The cornerstone policies of Britain’s alcohol strategy are failing to reduce heavy drinking amongst the most vulnerable. New research from the Institute of Economic Affairs outlines the significant flaws of advertising bans, licensing restrictions and higher taxes, which not only fail to help problem drinkers, but punish the majority of responsible consumers.
The government and health campaigners have long favoured policies which aim to reduce per capita alcohol consumption to reduce heavy and harmful drinking. This outlook is based on a blunt model devised in the 1950s, and ignores countless studies which have demonstrated that particular subgroups drink at extremely varied levels. Attempting to reduce a national average ignores the obvious: that heavy drinking amongst a minority drastically pushes up the average.
In Punishing the Majority, authors John Duffy and Christopher Snowdon examine how a relatively small number of drinkers consume a disproportionately large amount of alcohol, with close to 70% of alcohol consumed by one fifth of the population. Using several examples, the authors show the extent to which per capita consumption depends on the drinking patterns of a minority.
The paper calls for politicians and campaigners to wake up to the complex reasons behind problem drinking. Instead of favouring political interventions on price, availability and advertising, the health lobby should pursue harm-reduction and rehabilitation.
The problem with current policies:
- A discredited mathematical formula - The public health lobby have taken the wrong lesson from discredited statistical calculations. When they see average consumption rising and falling roughly in line with alcohol-related harm, the response is to reduce overall consumption. This is too simplistic. Averages do not cause extremes, but extremes have a profound effect on averages.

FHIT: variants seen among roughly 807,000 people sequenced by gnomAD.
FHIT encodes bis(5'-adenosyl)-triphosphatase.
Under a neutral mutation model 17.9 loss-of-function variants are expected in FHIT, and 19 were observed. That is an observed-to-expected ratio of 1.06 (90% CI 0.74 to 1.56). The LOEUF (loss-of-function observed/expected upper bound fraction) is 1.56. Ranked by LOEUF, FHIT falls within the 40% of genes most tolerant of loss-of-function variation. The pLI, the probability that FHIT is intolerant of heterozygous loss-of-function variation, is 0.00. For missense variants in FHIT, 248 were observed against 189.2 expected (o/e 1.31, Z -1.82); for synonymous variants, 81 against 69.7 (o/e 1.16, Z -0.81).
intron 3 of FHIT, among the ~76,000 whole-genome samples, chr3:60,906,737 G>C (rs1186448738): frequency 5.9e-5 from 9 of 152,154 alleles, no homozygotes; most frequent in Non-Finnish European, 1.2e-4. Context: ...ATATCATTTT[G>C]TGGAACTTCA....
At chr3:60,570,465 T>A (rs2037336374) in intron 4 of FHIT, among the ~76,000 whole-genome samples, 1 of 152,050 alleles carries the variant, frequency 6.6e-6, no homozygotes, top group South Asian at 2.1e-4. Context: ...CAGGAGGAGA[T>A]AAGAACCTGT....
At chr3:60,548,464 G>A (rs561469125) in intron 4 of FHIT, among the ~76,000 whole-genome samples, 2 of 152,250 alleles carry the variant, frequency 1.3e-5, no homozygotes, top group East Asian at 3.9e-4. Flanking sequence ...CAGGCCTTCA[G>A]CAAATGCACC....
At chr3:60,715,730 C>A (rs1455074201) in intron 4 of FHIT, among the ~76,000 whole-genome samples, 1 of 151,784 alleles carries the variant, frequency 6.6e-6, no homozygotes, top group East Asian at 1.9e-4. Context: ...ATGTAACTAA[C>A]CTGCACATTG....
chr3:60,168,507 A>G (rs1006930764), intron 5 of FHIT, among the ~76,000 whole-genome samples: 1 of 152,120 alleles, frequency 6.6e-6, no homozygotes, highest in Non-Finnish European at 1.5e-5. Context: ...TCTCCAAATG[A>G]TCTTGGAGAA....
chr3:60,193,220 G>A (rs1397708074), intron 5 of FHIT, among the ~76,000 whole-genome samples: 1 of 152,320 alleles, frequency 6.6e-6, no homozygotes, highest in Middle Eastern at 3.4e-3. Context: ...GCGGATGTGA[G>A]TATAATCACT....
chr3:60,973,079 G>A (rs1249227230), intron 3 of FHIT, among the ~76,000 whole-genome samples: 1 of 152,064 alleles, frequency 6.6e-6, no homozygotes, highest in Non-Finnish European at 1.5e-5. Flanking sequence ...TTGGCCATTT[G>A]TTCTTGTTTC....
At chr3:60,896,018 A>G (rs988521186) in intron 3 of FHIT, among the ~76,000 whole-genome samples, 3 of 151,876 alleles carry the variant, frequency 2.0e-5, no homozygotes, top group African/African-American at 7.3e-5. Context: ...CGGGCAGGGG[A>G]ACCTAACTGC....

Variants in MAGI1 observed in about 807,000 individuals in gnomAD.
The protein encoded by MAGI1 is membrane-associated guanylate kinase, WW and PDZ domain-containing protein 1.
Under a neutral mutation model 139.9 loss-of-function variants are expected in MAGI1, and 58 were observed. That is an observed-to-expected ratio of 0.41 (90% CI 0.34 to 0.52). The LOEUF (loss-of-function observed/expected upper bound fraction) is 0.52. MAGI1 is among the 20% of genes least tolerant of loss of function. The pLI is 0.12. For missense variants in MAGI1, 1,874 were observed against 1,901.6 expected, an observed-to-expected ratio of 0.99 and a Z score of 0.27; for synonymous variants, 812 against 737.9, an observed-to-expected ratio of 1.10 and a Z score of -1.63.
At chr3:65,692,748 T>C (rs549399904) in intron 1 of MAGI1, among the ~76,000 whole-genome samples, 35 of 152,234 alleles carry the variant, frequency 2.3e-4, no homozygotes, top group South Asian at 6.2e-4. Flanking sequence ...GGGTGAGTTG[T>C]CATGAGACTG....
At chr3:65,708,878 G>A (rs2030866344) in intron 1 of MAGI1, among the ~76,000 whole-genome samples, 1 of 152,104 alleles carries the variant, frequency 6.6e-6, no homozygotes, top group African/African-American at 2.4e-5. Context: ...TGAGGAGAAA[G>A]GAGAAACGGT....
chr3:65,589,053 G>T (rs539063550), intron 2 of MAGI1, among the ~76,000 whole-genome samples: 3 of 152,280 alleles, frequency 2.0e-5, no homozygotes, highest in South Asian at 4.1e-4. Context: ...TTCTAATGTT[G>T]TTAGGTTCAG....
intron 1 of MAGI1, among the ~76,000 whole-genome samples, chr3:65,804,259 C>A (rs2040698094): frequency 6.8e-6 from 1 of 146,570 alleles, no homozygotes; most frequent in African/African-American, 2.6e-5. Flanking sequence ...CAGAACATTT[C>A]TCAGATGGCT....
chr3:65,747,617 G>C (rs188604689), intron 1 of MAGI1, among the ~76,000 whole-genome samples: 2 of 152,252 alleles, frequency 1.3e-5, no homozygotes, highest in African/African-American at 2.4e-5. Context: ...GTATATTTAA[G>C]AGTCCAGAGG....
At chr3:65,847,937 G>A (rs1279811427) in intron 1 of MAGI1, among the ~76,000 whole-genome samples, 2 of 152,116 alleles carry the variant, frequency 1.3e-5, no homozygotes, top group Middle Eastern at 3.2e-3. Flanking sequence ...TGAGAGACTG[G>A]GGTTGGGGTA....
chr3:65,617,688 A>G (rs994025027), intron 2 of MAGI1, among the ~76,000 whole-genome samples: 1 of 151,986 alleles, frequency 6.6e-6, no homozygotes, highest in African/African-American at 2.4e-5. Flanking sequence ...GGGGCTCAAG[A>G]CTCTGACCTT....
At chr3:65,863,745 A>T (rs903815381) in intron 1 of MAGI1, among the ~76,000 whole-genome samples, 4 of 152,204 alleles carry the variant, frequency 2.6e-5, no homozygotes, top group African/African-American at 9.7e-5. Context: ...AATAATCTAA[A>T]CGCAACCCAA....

- Heavy drinkers are less price sensitive than moderate drinkers - Current policies to curb excessive drinking are based around price, availability and advertising. Price rises affect the behaviour of moderate drinkers more significantly than heavy drinkers, whilst restrictions on availability and advertising have very little effect on anybody.
- A lack of complexity – In the UK the poorest socio-economic groups have the lowest average consumption, yet have the highest rates of alcohol-related mortality, whilst the richest groups drink the most and suffer the least harm. Lower alcohol consumption in the poorest groups disguises the presence of a minority within the group, who are problem drinkers. These people are being failed by current policies which only tackle overall consumption.
- Between 1980 and 2000 alcohol consumption rose only slightly in the UK (9.6 -10.4 litres per person) while liver cirrhosis mortality nearly doubled. In Sweden, liver cirrhosis more than halved while drinking fell by just 15%. It depends on which drinkers are increasing or reducing their intake.
- In the UK, per capita consumption has dropped by nearly a fifth in the past ten years, with barely any decline in alcohol-relat